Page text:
HOW WE LEARN
Schools often talk about ‘Quality First Teaching’ at Lyndhurst we are on a journey to identify what that looks like in our context with our cohort. We will be working with experts from the Charter Institute to better understand and explain what makes great teaching.
What we do know is expertly explained by the Education Endowment Foundation’s Maximising Learning Guidance.
“It is important that schools consider how children learn, how they develop knowledge and skills, and how they can be supported to lay firm foundations for later learning. Teaching approaches that ensure long-term retention of knowledge, fluency in key skills, and confident use of metacognitive strategies are crucial. These are fundamental to learning and are the ‘bread and butter’ of effective teaching:
- Cognitive strategies include subject-specific strategies or memorisation techniques such as methods to solve problems in maths.
- Metacognitive strategies are what we use to monitor or control our cognition, for example checking whether our approach to solving a mathematics problem worked or considering which cognitive strategy is the best fit for a task.
The explicit teaching of cognitive and metacognitive strategies is integral to high-quality teaching and learning, and these strategies are best taught within a subject and phase specific context. Approaches such as explicit instruction, scaffolding and flexible grouping are all key components of high-quality teaching and learning for pupils.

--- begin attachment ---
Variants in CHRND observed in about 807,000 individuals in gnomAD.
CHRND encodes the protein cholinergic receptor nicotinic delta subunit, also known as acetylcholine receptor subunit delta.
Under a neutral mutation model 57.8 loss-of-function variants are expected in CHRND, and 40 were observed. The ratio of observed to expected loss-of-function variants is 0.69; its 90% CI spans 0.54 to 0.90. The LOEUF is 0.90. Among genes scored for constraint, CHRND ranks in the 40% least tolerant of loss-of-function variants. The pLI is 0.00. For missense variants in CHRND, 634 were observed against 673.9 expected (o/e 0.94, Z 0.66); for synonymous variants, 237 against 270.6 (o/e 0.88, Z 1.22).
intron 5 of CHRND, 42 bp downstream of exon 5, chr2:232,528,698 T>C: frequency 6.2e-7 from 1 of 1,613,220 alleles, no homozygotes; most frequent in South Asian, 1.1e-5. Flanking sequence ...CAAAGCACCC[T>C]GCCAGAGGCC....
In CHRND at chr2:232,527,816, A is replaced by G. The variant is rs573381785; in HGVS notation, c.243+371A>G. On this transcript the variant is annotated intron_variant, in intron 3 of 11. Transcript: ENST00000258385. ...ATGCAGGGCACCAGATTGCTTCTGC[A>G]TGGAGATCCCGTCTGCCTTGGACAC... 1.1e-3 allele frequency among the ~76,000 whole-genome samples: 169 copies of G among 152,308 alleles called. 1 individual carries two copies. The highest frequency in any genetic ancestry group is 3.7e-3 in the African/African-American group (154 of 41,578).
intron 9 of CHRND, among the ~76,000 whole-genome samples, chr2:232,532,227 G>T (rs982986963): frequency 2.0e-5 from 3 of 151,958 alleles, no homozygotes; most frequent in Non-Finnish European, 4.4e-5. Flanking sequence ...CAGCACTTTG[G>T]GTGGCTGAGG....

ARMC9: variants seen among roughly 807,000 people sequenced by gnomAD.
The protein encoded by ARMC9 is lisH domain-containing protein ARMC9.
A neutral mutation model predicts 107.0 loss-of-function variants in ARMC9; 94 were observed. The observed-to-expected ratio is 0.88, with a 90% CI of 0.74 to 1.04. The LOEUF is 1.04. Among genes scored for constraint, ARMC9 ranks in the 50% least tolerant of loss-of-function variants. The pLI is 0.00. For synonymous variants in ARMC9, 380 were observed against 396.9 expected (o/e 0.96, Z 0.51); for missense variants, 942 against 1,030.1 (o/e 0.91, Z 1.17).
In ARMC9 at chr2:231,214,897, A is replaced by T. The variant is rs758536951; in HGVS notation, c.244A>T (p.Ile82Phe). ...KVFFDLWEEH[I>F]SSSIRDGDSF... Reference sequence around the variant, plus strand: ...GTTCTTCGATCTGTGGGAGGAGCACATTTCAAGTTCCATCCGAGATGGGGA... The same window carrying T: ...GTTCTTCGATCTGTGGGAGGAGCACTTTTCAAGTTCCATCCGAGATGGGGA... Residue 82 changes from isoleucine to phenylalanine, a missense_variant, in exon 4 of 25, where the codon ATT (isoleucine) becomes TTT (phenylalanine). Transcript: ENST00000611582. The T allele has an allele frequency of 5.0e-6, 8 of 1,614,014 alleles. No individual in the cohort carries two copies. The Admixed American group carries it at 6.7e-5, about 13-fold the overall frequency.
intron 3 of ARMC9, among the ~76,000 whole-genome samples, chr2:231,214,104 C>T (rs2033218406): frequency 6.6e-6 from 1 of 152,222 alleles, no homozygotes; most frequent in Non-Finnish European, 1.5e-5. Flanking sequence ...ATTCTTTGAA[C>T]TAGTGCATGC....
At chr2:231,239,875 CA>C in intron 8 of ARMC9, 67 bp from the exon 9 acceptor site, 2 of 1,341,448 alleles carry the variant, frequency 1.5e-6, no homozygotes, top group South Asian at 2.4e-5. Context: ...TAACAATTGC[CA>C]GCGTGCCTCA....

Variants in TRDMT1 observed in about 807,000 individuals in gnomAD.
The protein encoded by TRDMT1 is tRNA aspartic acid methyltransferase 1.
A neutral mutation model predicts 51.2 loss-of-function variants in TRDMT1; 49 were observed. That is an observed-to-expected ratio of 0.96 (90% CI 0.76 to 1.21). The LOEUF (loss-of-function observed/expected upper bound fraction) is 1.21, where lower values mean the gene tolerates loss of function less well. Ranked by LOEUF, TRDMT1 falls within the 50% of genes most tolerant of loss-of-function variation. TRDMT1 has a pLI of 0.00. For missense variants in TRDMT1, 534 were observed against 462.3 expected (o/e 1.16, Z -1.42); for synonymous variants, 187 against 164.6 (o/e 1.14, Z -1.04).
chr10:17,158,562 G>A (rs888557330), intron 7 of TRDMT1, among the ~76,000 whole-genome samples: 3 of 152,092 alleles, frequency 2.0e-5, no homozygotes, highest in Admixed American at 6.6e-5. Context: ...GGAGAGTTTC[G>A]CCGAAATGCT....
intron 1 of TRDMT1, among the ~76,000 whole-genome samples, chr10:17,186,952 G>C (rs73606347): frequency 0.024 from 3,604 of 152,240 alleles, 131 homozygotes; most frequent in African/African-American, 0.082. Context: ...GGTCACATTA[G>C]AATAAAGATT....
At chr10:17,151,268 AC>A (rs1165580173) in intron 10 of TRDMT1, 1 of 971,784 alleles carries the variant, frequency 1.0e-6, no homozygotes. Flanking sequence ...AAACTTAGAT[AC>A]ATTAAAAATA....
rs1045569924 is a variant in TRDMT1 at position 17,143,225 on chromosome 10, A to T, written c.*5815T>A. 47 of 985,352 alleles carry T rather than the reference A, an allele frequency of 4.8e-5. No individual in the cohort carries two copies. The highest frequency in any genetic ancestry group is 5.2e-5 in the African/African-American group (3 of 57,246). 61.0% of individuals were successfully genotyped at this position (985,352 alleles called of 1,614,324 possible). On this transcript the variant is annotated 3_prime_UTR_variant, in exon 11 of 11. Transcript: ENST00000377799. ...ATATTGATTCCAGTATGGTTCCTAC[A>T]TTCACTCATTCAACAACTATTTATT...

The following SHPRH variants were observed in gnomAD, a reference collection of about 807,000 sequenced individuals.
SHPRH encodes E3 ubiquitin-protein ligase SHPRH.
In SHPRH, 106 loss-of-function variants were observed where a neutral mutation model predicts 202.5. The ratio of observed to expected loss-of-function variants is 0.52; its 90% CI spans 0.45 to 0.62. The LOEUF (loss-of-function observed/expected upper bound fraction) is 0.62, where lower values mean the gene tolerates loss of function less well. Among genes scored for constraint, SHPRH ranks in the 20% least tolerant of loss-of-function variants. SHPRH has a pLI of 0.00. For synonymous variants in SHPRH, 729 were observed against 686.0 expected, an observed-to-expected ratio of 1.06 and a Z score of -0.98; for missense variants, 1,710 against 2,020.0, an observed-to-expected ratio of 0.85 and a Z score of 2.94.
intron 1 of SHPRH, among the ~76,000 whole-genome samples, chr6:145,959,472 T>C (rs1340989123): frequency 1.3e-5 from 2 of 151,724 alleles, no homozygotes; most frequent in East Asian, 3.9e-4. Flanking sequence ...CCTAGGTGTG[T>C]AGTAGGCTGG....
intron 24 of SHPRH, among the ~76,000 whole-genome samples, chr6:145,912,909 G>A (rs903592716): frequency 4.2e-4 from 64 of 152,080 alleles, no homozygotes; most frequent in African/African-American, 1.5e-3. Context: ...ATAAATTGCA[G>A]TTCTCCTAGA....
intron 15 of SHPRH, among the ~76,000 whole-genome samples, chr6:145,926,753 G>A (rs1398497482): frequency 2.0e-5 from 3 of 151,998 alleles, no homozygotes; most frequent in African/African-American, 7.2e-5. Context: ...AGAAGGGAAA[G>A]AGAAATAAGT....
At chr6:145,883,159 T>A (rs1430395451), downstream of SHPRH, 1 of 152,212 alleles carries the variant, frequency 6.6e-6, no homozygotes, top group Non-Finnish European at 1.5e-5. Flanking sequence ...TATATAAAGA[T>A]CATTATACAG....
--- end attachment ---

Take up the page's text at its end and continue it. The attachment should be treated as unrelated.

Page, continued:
Teachers should be mindful of the differing needs within their classes – it is just as important to avoid over-scaffolding as it is to ensure all pupils are adequately supported. Similarly, we know that retrieval practice supports knowledge retention, but it is important to think carefully about how that is implemented in individual subjects across the curriculum to ensure it supports learning.”
It is also important to take account of the prior knowledge that children bring to lessons and to help them to build upon this understanding. Additionally, anticipating common misconceptions, and using diagnostic assessment to uncover them, is an important way to support pupils.
Explore learning at Lyndhurst
WHAT OUR PARENT'S SAY...
"The staff at Lyndhurst care: about our children and about the curriculum that they teach them. It's what makes our school special."
What do I do if I am concerned about my child?
In the first instance speak to your child's class teacher.
What is my child learning about?
At the start of each academic year we have a curriculum evening where you can meet your child's year group team and learn about what they are studying. You can also see what your child is learning about this term by visiting the year group hub pages.